Sunday, June 17, 2007

Brief update, and a preview of Daniel King's DVDs

Getting my stitches out on Wednesday. Just wanted to post an update, and a few random thoughts.

Currently playing through the NY 1924 tournament games annotated by Alekhine, and taking notes. I've entered the Finkelstein games into my master games database, but oy! what lousy annotations by the author! Even without the computer I found many. The longer and more linear the line he gave, the more certain that it'd be completely debunked.

I'm entering material from the giant Laszlo Polgar book Chess: 5334 Problems, Combinations and Games into Chessbase as well. The goal is that by the time I've gone through 2-3000 master games, that book will be completely entered as well. Ditto with the Encyclopedia of Chess Middlegames and Tal's Winning Chess Combinations. Yes, I am insane. I'd better start backing up my files more regularly...if all this stuff got erased from my hard drive I'd flip out.

When I renewed my USCF membership I also ordered a mousepad roll-up board and heavily-weighted Marshall plastic pieces. I can now play outside without the wind blowing stuff all over the place. Since the shipping was so much for the pieces, I said "what the heck" and ordered the 2nd and 3rd of Daniel King's Power Play DVDs. Very good so far. I didn't order the first because I felt the material would overlap with material I already have (e.g. The Art of Chess Combination by Eugene Znozko-Borovsky and The Art of Attack in Chess by Vucovic). Similarly, I'm holding off on the 4th CD until I hear more about it, since it supposedly deals with opening play.

Themes from the second DVD are:

  • a strong center is generally a prerequisite for an attack, and an attack may be thwarted by counterplay in the center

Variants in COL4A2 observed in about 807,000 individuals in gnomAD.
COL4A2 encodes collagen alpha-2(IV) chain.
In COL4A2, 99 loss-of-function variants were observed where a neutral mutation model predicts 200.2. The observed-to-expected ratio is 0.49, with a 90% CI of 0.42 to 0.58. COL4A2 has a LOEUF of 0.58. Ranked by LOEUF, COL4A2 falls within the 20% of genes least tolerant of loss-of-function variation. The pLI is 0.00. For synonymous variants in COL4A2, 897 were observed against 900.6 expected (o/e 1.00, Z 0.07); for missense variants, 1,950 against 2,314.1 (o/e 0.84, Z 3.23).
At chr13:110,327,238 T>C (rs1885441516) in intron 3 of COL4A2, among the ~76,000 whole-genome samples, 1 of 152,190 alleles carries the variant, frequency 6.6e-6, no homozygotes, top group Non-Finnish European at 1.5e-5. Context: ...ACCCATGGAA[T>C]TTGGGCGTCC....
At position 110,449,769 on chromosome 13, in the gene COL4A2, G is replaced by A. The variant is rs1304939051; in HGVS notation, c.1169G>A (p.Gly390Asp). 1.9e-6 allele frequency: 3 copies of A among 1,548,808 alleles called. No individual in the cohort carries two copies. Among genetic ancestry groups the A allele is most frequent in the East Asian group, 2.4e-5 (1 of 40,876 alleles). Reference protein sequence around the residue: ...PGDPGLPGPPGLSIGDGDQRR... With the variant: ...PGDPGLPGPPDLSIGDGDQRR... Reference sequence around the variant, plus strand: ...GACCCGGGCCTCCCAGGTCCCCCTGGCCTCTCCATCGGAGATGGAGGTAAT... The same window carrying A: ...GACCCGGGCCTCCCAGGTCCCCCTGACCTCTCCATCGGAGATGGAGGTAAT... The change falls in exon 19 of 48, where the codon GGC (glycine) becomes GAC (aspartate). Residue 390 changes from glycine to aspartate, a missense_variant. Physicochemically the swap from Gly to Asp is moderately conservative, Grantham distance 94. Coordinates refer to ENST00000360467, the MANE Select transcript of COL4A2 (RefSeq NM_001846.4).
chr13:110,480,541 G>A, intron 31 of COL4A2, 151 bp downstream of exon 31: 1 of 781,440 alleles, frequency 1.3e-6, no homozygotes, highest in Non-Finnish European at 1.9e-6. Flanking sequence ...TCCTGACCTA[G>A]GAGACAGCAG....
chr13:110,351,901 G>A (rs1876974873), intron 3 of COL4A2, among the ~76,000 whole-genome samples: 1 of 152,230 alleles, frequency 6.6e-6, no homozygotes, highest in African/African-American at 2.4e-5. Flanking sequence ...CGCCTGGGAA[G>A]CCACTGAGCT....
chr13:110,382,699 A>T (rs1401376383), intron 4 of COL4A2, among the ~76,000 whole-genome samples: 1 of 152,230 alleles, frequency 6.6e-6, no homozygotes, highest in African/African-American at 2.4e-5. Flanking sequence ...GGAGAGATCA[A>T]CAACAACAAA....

• King emphasizes the need to get the heavy pieces involved in an attack. I get the feeling the second DVD focuses on rook lifts to get your heavy pieces in front of your pawns, and the third DVD will focus on pawn storms backed up by heavy pieces.
  • A weak, poorly defended king is an obvious sign of a possible attack, but an even stronger theme is lack of coordination between the defender's pieces, esp. if the Queen can't get back to the kingside easily and if rooks can't coordinate on the back two ranks. So the real "blood in the water" is realizing that you can develop a local superiority of force around the enemy king. This in itself is not that profound, but how it's reinforced through example is enlightening. I kept comparing this concept to the concept of the "mismatch" in the endgame, where say bishop and pawn or two pawns are able to overpower a rook and thus queen a pawn.

So a summary would be: a strong center cramps your opponent, whose army is divided in two with limited ability to swing from a queenside assault to kingside defense. The attacker swings queen, a rook or two, and any other available pieces to the kingside and mates the king faster than Black can defend. Easy, no? The "HULK SMASH!" school of chess.

Edit 6/19/07: The second DVD also covers the advance of the g pawn to open lines. The advances of the f and h pawns are covered in the third DVD. So, it seems it was a good idea to buy the two DVDs together. I found the g pawn material in particular to be enlightening. I also want to point out that the material is quite balanced. King has you find not only good moves for the attacker, but for the defender (or bad moves to avoid) as well. Also, in the f-pawn material he has multiple examples of how pushing the f-pawn creates weaknesses that ultimately cost the original attacker the game.

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